On an email list for members of the National Council for the Social Studies, Debbie Reese posed this question:
… in May of 2005, the US Dept of Ed announced that on Constitution Day (Sept. 17), all publicly funded educational institutions must provide educational programming on the history of the American Constitution.
Do you know any teachers (or are you one) who observed it accordingly (taught the Constitution) this past September?
Later, she reported back to the list that
It seems, based on responses, that there’s a general sense of resentment at being mandated to do this. A lot of people teach about it during the school year, and being forced to do it on that day disrupts the units being taught in September.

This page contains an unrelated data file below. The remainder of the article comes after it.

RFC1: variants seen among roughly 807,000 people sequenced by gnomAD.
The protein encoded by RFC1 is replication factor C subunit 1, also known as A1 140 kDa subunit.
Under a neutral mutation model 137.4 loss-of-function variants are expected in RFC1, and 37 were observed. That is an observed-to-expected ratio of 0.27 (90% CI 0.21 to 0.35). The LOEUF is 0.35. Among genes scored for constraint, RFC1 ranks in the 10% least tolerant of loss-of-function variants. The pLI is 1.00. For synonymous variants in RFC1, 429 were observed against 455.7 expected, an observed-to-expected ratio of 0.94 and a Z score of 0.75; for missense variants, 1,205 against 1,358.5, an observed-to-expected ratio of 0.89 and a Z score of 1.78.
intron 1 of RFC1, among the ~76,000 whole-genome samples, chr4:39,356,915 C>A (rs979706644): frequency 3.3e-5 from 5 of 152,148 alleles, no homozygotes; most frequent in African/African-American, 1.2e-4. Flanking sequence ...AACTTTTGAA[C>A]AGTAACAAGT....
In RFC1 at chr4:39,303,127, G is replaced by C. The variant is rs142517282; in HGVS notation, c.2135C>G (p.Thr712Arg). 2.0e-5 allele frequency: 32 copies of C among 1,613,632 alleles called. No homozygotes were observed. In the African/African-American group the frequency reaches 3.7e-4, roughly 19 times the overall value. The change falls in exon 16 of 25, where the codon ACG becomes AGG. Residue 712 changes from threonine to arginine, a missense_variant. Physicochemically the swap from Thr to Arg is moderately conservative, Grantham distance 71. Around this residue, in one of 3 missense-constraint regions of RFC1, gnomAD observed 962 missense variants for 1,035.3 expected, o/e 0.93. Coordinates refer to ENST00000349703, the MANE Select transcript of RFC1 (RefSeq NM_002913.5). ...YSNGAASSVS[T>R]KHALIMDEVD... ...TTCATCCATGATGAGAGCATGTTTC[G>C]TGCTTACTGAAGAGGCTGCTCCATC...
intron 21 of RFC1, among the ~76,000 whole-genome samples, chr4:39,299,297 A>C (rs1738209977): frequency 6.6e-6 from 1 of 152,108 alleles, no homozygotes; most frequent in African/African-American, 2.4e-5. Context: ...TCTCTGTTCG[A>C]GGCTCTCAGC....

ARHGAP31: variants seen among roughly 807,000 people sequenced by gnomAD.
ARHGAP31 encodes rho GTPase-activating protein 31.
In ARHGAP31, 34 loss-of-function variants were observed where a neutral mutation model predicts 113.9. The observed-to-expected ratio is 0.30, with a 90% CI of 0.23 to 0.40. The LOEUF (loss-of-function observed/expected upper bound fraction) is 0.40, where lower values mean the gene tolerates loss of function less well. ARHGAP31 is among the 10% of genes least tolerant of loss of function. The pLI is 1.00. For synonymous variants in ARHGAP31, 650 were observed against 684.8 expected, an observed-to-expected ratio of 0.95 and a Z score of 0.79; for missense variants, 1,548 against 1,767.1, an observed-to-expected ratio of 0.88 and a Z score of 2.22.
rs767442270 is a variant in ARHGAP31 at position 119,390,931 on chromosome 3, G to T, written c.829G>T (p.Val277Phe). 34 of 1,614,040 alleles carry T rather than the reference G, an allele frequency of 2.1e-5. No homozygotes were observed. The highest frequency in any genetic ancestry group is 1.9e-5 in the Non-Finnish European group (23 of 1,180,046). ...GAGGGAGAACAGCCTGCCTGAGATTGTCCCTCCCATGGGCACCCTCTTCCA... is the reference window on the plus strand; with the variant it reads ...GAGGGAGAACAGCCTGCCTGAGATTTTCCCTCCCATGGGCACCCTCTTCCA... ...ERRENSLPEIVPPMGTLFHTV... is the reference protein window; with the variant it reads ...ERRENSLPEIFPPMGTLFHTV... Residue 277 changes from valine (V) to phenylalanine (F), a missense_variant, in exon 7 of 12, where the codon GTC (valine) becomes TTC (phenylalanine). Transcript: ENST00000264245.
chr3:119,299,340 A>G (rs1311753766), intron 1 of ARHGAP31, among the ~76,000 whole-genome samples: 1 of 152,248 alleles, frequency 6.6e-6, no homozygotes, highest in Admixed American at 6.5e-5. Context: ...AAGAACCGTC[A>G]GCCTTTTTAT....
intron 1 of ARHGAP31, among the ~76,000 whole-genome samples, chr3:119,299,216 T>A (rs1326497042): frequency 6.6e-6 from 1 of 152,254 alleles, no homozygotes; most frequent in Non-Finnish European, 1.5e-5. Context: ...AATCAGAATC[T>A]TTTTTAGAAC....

It occurs to me that one way to do a one-shot, out-of-sequence lesson on the Constitution would be to devote the period to exploring where, in the Constitution, Congress gets the power to impose this mandate on the local schools. (This could lead into the concept of federalism, as well as the more obvious enumerated powers in Article One, the “elastic clause” and the spending power, etc.)
(If you are not already using it, you should have a look at Debbie Reese’s blog on American Indians in Children’s Literature. This is an invaluable resource for social studies.)